Tuesday, August 29, 2017

Detroit (USA: Kathryn Bigelow, 2017)

Detroit (USA: Kathryn Bigelow, 2017: 143 mins)

Brody, Richard. "The Immoral Artistry of Kathryn Bigelow's Detroit." The New Yorker (August 4, 2017)

Dargis, Manohla and A.O. Scott. "One Nation Under a Movie Theater? It's a Myth." The New York Times (September 7, 2017)  ["Hollywood wants us to think that its films are for everyone, but our critics say that was never true. Still, they see a way forward."]

Detroit Critics Round Up (Ongoing Archive)

Elgion, John. "A White Director, the Police, and Race in Detroit." The New York Times (August 2, 2017)

Flores, Steven. "The Auteurs: Kathryn Bigelow." Cinema Axis (January 22, 2014)

Hamm, Larry and Scott Kurashige. "The Rebellions That Changed U.S. History: Looking Back at the 1967 Newark & Detroit Uprisings." Democracy Now (July 25, 2017) ["Fifty years ago this month, rebellions broke out in the cities of Newark and Detroit. It all began in Newark on July 12, 1967, when two white police officers detained and beat an African-American cabdriver. Shortly after, on July 23, police officers raided an after-hours club in an African-American neighborhood of Detroit, sparking another mass rebellion. Forty-three people died in Detroit, and 26 were killed in Newark, while 7,000 people were arrested. The rebellions reshaped both Newark and Detroit and marked the beginning of an era of African-American political empowerment."]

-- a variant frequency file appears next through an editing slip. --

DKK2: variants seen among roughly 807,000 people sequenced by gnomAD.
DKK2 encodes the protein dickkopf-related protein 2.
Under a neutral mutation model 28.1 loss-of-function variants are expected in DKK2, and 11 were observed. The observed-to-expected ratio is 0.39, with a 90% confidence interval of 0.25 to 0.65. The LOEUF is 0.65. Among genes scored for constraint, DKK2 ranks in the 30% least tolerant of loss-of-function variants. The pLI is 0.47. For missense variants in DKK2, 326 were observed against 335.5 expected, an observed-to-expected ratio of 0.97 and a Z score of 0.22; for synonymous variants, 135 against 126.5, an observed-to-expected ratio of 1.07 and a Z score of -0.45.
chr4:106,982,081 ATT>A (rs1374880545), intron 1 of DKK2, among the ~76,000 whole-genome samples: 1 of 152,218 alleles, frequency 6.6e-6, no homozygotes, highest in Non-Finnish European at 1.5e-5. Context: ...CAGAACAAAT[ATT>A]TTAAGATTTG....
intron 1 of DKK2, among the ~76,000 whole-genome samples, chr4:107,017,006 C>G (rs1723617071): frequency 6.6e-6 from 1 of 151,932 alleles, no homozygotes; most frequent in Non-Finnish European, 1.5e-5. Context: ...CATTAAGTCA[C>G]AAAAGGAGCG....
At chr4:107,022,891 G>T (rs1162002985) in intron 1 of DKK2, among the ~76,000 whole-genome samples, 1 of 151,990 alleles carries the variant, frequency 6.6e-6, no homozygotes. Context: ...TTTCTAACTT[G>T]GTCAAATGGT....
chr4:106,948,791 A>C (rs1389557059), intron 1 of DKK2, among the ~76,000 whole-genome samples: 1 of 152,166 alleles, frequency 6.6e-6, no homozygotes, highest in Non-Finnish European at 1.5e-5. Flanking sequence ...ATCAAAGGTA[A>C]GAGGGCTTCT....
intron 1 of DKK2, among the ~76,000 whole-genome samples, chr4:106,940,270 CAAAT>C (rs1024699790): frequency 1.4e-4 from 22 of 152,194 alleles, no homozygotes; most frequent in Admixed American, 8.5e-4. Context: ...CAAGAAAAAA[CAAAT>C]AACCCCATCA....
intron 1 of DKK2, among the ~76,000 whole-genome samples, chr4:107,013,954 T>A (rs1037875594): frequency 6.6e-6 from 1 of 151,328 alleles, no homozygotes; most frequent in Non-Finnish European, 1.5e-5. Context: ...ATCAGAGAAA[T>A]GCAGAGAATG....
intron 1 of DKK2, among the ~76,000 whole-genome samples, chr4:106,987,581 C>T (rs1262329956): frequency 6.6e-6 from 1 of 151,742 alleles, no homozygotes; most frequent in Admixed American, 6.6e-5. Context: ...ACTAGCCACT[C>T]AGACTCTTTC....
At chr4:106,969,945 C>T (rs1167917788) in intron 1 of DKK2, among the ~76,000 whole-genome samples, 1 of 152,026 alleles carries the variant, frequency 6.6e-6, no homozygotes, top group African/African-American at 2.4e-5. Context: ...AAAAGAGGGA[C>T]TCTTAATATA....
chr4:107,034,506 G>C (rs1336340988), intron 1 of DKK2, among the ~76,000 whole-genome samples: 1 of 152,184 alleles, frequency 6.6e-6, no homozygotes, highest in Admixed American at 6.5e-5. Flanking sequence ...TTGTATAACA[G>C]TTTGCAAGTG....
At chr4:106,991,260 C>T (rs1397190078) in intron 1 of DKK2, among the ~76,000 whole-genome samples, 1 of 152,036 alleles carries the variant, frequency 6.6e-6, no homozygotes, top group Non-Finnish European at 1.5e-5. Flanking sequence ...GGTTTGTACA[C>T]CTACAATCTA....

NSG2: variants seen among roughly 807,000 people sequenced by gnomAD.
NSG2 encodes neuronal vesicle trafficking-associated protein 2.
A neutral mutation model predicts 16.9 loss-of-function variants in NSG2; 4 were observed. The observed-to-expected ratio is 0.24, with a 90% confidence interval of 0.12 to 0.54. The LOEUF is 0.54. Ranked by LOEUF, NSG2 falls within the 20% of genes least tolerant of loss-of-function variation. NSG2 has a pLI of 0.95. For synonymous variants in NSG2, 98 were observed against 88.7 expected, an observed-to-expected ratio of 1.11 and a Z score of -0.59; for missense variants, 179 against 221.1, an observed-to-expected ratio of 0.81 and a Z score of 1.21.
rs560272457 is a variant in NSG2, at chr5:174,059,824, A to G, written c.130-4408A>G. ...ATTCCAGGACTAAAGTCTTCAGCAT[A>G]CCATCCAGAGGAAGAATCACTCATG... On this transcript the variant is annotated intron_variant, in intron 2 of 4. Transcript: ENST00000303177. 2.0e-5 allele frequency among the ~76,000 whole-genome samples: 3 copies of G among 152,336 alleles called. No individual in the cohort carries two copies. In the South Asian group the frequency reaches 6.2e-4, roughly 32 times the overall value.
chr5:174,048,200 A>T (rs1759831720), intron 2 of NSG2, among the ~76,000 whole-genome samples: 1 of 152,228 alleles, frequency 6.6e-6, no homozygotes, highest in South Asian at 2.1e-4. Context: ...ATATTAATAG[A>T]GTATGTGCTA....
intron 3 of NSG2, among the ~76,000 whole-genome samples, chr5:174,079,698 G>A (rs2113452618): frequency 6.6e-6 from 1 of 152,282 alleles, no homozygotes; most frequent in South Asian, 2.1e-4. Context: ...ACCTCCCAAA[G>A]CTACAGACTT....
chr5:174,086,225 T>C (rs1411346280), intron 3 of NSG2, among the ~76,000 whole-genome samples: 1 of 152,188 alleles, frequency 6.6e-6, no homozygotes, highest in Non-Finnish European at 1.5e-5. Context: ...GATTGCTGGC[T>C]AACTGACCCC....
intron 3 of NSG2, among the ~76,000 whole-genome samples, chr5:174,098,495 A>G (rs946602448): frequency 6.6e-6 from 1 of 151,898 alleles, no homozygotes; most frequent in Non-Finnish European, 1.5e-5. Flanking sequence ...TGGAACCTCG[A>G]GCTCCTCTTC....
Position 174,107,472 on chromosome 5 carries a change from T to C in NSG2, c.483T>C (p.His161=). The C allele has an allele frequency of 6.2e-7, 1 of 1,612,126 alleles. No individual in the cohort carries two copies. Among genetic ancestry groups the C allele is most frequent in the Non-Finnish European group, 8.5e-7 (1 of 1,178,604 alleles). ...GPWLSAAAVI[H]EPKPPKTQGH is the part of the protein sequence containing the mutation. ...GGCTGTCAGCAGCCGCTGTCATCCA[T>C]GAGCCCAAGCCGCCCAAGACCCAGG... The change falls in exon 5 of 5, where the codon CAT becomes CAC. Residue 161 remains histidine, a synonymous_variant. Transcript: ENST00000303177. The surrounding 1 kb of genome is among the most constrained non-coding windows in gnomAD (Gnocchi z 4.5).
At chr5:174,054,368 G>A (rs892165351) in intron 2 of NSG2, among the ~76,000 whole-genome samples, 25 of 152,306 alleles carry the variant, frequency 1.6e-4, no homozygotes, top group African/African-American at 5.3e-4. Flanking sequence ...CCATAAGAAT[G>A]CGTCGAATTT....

Harris, Aisha. "What's Fact and What's Fiction in Detroit." Slate (August 3, 2017)

Hudson, David. "The Daily: Kathryn Bigelow's Detroit." The Current (July 23, 2017)

Jackson, Danielle. "More Than a Riot Going On: A Detroit Inspired Reading List." Longreads (August 14, 2017)

Koski, Genevieve, et al. "Detroit / Battle of Algiers, Part 1." The Next Picture Show #90 (August 22, 2017) ["Kathryn Bigelow’s intense, controversial new docu-drama DETROIT owes no small debt to Gillo Pontecorvo’s intense, controversial 1966 film THE BATTLE OF ALGIERS, which covers another volatile historical moment with a potent mixture of newsreel-style realism and expressionistic fervor. In this half of our comparison of the two films, we discuss what makes BATTLE OF ALGIERS such an unsettling and resonant film, debate what point it’s making around the issues of terrorism and torture, and, somehow, find the echoes of Pontecorvo’s film in James Cameron’s AVATAR."]

---. "Detroit / The Battle of Algiers, Part 2." The Next Picture Show #91 (August 24, 2017) ["Like Gillo Pontecorvo’s BATTLE OF ALGIERS, Kathryn Bigalow’s new film DETROIT expresses a strong point of view on racial injustice through a careful recreation of a real historical event — and also like BATTLE OF ALGIERS, it’s stirred up some controversy surrounding its docu-journalistic approach. We unpack that controversy, and DETROIT more generally, before diving into how the two films compare in their visceral style, their portrayals of law enforcement, their use of female characters, and more."]

Leigh, Danny. "Kathryn Bigelow on Detroit: ‘There’s a radical desire not to face the reality of race.'" The Guardian (August 17, 2017)

Nazaryan, Alexander. "Kathryn Bigelow's Detroit is a Well-Intentioned Misfire." Newsweek (July 26, 2017)

Orr, Christopher. "The Disappointments of Detroit." The Atlantic (August 4, 2017)

Rephun, Menachem. "Kathryn Bigelow's Detroit: A Case Study in Evil." Film Criticism 41.3 (Fall 2017)

Zacharek, Stephanie. "Detroit is an Important but Flawed Look at American History." Time (July 28, 2017)

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